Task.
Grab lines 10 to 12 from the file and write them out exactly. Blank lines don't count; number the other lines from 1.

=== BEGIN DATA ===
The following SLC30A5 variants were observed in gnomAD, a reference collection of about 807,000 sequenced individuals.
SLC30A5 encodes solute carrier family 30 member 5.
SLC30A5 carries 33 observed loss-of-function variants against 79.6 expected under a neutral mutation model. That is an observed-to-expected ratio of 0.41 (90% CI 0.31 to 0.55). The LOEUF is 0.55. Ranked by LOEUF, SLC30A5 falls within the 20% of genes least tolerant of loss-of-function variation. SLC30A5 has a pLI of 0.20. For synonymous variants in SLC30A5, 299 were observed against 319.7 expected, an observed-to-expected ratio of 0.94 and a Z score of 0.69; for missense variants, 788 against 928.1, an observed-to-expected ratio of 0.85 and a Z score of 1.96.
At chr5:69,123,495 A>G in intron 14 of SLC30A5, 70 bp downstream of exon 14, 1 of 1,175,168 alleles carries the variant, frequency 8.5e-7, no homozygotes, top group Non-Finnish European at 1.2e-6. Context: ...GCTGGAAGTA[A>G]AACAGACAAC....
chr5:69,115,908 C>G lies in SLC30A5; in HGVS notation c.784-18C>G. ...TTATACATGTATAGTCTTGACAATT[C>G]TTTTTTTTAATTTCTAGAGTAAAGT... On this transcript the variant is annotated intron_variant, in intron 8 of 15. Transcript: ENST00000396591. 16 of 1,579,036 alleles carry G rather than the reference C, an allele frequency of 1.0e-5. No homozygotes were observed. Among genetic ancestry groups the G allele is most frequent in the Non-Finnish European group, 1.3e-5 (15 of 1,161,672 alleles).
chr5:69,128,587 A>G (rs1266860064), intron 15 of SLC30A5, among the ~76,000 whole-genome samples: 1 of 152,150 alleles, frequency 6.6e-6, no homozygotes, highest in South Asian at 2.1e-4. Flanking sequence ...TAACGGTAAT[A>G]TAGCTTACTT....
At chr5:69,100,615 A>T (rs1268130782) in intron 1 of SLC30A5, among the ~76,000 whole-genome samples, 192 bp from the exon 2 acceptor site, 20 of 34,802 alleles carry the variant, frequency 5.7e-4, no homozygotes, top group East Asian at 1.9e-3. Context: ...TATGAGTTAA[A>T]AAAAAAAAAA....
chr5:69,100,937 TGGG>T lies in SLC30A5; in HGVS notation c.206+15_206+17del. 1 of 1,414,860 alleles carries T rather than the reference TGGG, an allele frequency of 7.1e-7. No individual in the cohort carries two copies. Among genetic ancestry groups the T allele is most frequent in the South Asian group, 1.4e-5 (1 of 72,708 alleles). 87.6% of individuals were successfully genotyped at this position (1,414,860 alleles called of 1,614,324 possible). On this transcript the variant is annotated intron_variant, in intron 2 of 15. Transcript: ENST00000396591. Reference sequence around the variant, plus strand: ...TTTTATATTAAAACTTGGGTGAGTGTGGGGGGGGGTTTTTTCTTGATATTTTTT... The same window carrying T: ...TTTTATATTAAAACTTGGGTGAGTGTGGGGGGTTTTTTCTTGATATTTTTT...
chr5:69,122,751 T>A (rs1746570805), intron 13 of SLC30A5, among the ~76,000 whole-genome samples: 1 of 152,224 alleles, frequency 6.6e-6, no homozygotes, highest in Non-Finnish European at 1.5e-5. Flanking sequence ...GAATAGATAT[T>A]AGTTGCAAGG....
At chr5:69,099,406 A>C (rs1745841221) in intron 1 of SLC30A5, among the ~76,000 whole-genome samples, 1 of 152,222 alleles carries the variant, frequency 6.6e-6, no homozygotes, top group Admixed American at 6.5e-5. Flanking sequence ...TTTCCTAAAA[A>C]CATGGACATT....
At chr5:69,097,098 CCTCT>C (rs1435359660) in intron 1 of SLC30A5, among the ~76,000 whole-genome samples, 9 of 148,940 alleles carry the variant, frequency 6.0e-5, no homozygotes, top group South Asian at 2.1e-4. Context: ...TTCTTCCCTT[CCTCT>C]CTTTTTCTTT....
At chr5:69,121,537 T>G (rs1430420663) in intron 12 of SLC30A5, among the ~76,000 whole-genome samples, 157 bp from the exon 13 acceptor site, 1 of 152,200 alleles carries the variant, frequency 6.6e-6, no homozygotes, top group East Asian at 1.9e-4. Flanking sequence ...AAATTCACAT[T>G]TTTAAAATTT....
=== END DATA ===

At chr5:69,099,406 A>C (rs1745841221) in intron 1 of SLC30A5, among the ~76,000 whole-genome samples, 1 of 152,222 alleles carries the variant, frequency 6.6e-6, no homozygotes, top group Admixed American at 6.5e-5. Flanking sequence ...TTTCCTAAAA[A>C]CATGGACATT....
At chr5:69,097,098 CCTCT>C (rs1435359660) in intron 1 of SLC30A5, among the ~76,000 whole-genome samples, 9 of 148,940 alleles carry the variant, frequency 6.0e-5, no homozygotes, top group South Asian at 2.1e-4. Context: ...TTCTTCCCTT[CCTCT>C]CTTTTTCTTT....
At chr5:69,121,537 T>G (rs1430420663) in intron 12 of SLC30A5, among the ~76,000 whole-genome samples, 157 bp from the exon 13 acceptor site, 1 of 152,200 alleles carries the variant, frequency 6.6e-6, no homozygotes, top group East Asian at 1.9e-4. Flanking sequence ...AAATTCACAT[T>G]TTTAAAATTT....